There really isn’t much better than lifelong friends. We grew up together in Woodinville, Washington. A small community just 20 miles east of Seattle. When the newspaper revealed our Woodinville Falcons, would play for the state football title, an idea struck. Let’s get some guys together and head for the game. We found three takers who still live in the area. It just so happened to be my two oldest friends. Having met in elementary school, we’ve probably known one another since before the age of ten. So, driving from the northern most point, everyone met up, and on to the Tacoma Dome we went. It had been about ten years since we were all together, but it seemed to just pick up again. Seeing old friends always seems to put things back into perspective. They are the people who have been with you the longest. Even if much of the time is spent apart. There was a feeling of excitement driving an hour south on my own before picking up the first guy. It would be fun to spend time with the guys and watch our alma mater try to win a state title.
The game began with a disappointing first half. Richmond high school had a stifling defense. It was difficult for Woodinville to find their offense. We only had a few first downs during the first 24 minutes of football. Richland brought a pretty good quarterback into the Tacoma Dome. They had a seemingly high powered offense, scoring 28 points in the opening half. On the other side, Woodinville couldn’t crack the Richmond defense. We watched them head into the locker room at halftime without scoring. The first half was challenging to watch, trying to find anything interesting to captor our attention. Halftime was spent walking around the concourse. The frustration to that point, leaving us wanting to stretch our legs. We meandered around a bit, grabbed some kettle corn, and headed back to our seats.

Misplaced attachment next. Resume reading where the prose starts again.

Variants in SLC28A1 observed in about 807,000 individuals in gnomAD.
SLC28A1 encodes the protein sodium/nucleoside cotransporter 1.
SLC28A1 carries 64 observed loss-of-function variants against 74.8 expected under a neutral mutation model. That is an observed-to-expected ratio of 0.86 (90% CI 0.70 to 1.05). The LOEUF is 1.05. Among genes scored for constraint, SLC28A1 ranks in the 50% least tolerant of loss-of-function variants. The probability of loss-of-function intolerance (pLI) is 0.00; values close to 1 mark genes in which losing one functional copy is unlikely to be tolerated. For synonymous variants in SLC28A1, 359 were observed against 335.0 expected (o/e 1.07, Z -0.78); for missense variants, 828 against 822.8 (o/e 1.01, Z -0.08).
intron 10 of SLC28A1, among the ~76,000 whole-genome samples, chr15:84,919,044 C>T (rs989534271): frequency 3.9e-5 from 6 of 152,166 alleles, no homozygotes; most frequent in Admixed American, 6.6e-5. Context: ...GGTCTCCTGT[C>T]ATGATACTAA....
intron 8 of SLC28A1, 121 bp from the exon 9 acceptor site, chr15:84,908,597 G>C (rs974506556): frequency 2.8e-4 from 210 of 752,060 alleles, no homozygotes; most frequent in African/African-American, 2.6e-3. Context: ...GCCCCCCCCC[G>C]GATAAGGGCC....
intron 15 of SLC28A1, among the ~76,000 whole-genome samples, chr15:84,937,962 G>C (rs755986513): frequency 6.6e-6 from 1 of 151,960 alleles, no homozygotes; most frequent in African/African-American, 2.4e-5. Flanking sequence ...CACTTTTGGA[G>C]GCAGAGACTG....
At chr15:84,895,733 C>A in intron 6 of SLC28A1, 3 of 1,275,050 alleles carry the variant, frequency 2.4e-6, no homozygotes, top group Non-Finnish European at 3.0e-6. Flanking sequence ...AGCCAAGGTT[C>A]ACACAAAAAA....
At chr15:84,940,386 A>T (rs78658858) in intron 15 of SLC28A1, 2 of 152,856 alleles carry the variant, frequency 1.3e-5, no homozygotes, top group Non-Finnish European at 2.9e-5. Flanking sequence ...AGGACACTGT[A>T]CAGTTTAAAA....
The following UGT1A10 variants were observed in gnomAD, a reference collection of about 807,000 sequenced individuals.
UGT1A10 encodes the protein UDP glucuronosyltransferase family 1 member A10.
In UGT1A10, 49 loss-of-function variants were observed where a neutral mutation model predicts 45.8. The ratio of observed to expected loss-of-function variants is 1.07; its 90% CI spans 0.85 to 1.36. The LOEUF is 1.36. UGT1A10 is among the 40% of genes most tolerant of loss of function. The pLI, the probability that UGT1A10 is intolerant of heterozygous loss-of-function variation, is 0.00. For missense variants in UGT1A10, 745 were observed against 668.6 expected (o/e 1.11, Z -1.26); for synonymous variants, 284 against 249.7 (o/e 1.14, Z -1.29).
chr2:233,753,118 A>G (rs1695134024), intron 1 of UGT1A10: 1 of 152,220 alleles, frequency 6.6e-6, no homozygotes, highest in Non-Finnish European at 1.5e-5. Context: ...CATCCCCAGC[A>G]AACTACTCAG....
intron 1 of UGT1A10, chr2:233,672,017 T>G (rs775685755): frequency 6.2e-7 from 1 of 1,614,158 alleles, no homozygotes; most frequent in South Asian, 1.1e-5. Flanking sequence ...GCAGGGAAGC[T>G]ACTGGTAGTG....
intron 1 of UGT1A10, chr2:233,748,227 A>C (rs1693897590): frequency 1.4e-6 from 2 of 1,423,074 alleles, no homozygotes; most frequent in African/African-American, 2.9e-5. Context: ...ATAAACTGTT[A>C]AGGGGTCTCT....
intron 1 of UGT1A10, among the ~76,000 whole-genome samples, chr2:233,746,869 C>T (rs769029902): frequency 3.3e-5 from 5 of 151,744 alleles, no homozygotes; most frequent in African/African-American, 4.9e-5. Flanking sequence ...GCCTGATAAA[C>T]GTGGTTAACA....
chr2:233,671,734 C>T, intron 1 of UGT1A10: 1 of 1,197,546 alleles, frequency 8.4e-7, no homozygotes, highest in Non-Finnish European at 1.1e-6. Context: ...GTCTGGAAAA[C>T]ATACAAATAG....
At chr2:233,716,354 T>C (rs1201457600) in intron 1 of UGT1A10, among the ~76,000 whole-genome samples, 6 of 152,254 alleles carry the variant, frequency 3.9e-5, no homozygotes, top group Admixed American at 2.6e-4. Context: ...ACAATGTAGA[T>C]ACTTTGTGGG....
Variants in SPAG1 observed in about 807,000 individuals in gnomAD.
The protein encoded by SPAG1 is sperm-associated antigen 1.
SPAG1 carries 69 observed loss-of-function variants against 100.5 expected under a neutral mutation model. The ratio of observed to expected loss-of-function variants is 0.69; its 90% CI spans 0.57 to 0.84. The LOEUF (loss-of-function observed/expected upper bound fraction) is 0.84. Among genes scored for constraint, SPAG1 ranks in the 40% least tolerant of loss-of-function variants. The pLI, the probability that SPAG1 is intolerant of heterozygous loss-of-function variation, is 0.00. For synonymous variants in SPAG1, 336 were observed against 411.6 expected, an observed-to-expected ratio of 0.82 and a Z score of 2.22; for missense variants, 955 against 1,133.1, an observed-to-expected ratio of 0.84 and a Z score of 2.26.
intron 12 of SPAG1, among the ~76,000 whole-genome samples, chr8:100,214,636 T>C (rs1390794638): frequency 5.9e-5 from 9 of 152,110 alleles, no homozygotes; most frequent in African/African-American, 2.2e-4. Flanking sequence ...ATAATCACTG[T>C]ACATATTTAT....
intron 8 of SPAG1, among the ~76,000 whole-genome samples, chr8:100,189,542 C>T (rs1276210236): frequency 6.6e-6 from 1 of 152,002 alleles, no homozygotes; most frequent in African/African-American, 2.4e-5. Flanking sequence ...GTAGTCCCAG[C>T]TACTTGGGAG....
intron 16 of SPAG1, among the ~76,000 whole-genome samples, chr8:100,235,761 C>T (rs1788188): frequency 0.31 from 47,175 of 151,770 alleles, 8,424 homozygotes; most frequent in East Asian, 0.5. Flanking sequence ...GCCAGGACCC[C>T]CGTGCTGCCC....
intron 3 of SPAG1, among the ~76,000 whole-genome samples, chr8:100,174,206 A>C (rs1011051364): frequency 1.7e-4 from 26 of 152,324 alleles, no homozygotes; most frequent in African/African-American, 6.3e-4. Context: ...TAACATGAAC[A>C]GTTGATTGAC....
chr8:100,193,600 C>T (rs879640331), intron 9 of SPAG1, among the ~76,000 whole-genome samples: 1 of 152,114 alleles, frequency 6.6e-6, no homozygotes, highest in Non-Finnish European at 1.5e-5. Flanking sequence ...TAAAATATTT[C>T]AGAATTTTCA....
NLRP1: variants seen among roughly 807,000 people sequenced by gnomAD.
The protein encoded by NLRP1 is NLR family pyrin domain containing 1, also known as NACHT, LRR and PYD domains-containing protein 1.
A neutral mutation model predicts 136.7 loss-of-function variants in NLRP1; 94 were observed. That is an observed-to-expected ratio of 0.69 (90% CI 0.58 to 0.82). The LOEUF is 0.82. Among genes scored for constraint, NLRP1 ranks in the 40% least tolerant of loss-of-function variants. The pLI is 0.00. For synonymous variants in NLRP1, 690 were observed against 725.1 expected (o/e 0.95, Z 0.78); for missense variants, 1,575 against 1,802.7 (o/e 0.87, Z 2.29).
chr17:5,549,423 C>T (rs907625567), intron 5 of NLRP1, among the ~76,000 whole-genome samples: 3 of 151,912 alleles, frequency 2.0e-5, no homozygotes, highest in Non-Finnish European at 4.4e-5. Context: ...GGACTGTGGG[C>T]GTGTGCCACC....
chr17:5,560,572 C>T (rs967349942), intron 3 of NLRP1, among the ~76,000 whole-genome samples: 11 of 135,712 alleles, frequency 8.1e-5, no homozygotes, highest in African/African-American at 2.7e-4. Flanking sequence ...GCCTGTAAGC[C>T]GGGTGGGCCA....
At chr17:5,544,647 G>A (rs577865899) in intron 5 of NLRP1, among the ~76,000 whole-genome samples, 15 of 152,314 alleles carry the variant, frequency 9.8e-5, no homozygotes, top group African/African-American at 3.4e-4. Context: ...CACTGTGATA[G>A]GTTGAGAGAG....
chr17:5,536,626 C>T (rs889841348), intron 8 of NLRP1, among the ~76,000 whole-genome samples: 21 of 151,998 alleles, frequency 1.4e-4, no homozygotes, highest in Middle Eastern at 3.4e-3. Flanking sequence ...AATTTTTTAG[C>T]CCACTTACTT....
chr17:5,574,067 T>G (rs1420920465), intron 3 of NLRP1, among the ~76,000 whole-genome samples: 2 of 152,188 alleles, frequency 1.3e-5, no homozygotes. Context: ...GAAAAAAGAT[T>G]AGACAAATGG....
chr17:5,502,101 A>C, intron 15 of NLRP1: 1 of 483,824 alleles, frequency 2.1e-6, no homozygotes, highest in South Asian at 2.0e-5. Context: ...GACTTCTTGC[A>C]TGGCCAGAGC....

Our section of seats was cement bleachers high above one of the end zones. It made for steep steps to reach the tenth row, to find space. When discussing this cement section my anxiety level raised. Cerebral palsy making it challenging to navigate any steep incline of stairs. Reaching our seating destination wouldn’t be the challenge. In my experience balance doesn’t come into play when moving up a flight of stairs. Moving upward is usually helped with easy access to the handrail. There isn’t a need to shift your weight downward to grab a handrail. Attempting the exit of these benches set up to be challenging. When we safely arrive in our seats, the bench between us and the aisle was clear. Causing comfort that I wouldn’t need to scooch past someone in the narrow space between bleachers to reach the downward steps. However, before the game began we were joined by someone sitting between us and the exiting staircase. It was a larger gentleman, whom my balance had me question my ability to move past. So, slight panic crept in as I thought about wanting to get out if needed. The plan in my head was to climb over our bleacher row and walk out from above. But, that would require balance I questioned, as doing something similar before brought on shaky results.